In 2019, ArtReach, in partnership with the Churches Conservation Trust, began to think about how the church could best be opened up for the local community to discover. Projects with local volunteers, heritage experts and local arts organisations followed, resulting in community plays, installations, concerts and now a touring exhibition and booklet about this ancient building.
Originally listed in the Domesday Book, All Saints spent its Medieval life dominated by Christian mysticism, reform and industry against the backdrop of a wealthy religious establishment. Many characters that have shaped Leicester today, including Alderman Newton and John Wycliffe, had connections to the church. The Christian mystic Margery Kempe travelled through the city, causing great upheaval as she did, while connections with the infamous Leicester Lollards brought the church into ill repute.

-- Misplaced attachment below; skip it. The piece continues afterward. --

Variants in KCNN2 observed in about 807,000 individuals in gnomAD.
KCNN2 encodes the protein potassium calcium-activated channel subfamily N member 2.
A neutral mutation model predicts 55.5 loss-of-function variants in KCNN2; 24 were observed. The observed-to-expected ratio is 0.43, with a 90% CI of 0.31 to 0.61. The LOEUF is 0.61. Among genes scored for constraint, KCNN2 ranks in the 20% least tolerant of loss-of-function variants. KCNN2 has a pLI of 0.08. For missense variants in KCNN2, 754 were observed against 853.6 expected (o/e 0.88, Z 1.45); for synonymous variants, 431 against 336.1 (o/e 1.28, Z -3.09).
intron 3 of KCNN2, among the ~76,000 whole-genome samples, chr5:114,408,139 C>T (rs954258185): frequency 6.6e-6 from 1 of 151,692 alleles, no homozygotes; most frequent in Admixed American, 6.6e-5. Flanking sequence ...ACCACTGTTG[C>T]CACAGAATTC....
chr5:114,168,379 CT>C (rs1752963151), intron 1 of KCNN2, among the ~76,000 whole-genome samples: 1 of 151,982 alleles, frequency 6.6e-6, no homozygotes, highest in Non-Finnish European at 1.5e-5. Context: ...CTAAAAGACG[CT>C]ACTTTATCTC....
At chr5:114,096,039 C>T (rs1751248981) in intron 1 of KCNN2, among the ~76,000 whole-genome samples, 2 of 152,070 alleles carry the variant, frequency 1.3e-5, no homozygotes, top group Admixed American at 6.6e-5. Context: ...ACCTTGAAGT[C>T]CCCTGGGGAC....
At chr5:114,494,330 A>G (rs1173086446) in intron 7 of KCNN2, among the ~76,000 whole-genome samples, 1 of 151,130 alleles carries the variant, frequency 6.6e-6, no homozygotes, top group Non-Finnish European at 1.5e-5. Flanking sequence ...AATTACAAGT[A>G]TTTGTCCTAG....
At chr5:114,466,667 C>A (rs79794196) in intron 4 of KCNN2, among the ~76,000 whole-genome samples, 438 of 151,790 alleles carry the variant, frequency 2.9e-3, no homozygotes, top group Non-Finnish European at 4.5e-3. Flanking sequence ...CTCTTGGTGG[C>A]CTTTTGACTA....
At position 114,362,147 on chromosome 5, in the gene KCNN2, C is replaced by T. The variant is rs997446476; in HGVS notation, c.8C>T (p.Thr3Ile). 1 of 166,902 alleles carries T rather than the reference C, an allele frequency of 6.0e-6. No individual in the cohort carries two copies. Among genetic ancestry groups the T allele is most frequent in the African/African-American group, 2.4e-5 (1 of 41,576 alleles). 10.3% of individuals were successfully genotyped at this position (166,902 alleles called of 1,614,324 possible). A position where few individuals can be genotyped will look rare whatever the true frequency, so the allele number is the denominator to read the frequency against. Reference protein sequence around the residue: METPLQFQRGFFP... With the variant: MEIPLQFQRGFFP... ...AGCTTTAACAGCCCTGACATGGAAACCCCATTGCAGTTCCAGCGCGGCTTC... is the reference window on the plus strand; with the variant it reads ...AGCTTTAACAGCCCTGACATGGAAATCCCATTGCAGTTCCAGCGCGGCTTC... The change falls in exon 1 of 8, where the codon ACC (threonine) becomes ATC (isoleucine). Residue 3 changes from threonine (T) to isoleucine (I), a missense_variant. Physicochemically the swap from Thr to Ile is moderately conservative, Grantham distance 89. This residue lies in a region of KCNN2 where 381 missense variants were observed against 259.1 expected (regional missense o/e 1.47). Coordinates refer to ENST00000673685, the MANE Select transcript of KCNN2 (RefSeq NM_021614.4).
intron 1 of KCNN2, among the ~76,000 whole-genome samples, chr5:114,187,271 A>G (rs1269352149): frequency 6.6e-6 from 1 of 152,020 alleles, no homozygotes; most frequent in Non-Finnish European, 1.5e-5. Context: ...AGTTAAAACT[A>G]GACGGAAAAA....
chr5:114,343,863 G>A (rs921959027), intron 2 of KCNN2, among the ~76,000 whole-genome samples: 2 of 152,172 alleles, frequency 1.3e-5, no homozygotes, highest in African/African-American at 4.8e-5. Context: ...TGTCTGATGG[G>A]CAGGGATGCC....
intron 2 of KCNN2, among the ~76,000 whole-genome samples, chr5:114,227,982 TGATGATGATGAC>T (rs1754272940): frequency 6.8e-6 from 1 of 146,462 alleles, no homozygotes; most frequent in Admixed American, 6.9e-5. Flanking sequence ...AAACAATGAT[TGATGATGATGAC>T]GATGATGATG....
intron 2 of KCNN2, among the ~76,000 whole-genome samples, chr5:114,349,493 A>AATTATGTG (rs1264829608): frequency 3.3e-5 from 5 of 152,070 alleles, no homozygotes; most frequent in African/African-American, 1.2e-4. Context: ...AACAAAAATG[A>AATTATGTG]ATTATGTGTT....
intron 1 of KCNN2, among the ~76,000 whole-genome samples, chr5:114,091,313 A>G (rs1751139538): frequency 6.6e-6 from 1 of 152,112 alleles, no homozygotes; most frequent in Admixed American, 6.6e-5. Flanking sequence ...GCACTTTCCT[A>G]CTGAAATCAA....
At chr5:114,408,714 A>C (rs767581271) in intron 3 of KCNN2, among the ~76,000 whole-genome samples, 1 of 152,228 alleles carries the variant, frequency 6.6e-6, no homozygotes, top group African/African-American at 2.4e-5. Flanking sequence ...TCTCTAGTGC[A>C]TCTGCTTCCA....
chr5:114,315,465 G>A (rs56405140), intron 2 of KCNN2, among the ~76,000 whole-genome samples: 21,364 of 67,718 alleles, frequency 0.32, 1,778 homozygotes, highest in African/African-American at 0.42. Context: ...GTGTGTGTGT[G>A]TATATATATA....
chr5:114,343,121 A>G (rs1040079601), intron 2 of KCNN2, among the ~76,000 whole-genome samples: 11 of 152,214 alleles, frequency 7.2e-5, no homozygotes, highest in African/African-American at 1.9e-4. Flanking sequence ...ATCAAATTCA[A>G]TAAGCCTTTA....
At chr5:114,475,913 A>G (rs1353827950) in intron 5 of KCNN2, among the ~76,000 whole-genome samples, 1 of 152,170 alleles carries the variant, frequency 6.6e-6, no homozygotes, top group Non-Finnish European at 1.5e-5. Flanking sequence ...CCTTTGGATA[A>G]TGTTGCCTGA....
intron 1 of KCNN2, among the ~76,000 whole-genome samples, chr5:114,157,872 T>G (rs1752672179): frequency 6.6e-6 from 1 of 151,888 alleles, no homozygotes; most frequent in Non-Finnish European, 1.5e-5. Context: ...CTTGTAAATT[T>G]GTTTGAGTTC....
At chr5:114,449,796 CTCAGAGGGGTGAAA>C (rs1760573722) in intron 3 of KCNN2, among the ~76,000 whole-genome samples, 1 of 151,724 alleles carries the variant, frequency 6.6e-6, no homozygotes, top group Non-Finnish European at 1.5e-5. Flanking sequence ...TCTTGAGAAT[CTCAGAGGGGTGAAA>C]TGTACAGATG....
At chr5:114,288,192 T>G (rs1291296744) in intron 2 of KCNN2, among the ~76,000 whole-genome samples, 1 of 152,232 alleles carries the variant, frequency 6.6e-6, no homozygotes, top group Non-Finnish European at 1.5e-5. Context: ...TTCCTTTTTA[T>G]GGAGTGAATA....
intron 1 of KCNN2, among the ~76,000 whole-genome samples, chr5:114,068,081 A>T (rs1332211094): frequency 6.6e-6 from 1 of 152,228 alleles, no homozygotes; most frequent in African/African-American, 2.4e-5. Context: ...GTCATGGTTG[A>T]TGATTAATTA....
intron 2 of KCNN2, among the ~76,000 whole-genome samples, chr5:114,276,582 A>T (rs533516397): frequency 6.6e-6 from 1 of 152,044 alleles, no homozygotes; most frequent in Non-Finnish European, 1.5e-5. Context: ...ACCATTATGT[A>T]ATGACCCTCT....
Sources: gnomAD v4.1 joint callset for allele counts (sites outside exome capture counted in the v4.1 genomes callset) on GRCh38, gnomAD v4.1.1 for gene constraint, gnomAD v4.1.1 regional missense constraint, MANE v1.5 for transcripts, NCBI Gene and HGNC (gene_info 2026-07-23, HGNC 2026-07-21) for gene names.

The building itself is a melting pot of architectural features. Grotesquely faced Medieval carvings sit alongside a typical Norman arch. A 15th century clock accompanies stained glass windows which by comparison, are relatively new. These different styles give us clues about how life in Leicester has changed over hundreds of years in a building that itself has outlived generations of residents. Of course, the best way to really discover All Saints is to visit it for yourself. We hope you’ll uncover the interesting stories and people that make up a part of Leicester’s rich history, along with your place in it too.